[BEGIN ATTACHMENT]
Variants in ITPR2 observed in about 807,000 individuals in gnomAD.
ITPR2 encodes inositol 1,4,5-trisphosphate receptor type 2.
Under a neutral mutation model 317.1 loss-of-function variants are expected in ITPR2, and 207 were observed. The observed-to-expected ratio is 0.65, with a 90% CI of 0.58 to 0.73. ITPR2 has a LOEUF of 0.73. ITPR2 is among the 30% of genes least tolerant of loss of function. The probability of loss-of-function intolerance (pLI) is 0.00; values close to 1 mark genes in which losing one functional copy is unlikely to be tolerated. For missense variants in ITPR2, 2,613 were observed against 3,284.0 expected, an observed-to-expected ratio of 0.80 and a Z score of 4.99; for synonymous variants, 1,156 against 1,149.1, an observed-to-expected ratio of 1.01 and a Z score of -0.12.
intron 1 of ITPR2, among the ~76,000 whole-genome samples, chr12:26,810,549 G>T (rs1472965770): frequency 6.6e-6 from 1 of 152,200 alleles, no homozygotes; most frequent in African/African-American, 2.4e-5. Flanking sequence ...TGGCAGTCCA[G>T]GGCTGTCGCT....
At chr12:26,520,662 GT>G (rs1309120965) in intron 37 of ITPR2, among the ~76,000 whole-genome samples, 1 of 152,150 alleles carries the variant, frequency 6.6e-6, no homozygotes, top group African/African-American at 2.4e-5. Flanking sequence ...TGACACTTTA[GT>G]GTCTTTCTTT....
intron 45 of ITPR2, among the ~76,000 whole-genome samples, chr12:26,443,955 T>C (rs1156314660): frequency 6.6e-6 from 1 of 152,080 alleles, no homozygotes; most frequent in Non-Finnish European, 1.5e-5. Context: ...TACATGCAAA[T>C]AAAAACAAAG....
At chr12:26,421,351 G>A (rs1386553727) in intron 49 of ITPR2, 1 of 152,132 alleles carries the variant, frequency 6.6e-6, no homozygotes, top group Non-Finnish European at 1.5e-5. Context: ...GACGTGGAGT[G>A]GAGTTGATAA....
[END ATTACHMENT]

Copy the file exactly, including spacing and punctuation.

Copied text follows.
Variants in ITPR2 observed in about 807,000 individuals in gnomAD.
ITPR2 encodes inositol 1,4,5-trisphosphate receptor type 2.
Under a neutral mutation model 317.1 loss-of-function variants are expected in ITPR2, and 207 were observed. The observed-to-expected ratio is 0.65, with a 90% CI of 0.58 to 0.73. ITPR2 has a LOEUF of 0.73. ITPR2 is among the 30% of genes least tolerant of loss of function. The probability of loss-of-function intolerance (pLI) is 0.00; values close to 1 mark genes in which losing one functional copy is unlikely to be tolerated. For missense variants in ITPR2, 2,613 were observed against 3,284.0 expected, an observed-to-expected ratio of 0.80 and a Z score of 4.99; for synonymous variants, 1,156 against 1,149.1, an observed-to-expected ratio of 1.01 and a Z score of -0.12.
intron 1 of ITPR2, among the ~76,000 whole-genome samples, chr12:26,810,549 G>T (rs1472965770): frequency 6.6e-6 from 1 of 152,200 alleles, no homozygotes; most frequent in African/African-American, 2.4e-5. Flanking sequence ...TGGCAGTCCA[G>T]GGCTGTCGCT....
At chr12:26,520,662 GT>G (rs1309120965) in intron 37 of ITPR2, among the ~76,000 whole-genome samples, 1 of 152,150 alleles carries the variant, frequency 6.6e-6, no homozygotes, top group African/African-American at 2.4e-5. Flanking sequence ...TGACACTTTA[GT>G]GTCTTTCTTT....
intron 45 of ITPR2, among the ~76,000 whole-genome samples, chr12:26,443,955 T>C (rs1156314660): frequency 6.6e-6 from 1 of 152,080 alleles, no homozygotes; most frequent in Non-Finnish European, 1.5e-5. Context: ...TACATGCAAA[T>C]AAAAACAAAG....
At chr12:26,421,351 G>A (rs1386553727) in intron 49 of ITPR2, 1 of 152,132 alleles carries the variant, frequency 6.6e-6, no homozygotes, top group Non-Finnish European at 1.5e-5. Context: ...GACGTGGAGT[G>A]GAGTTGATAA....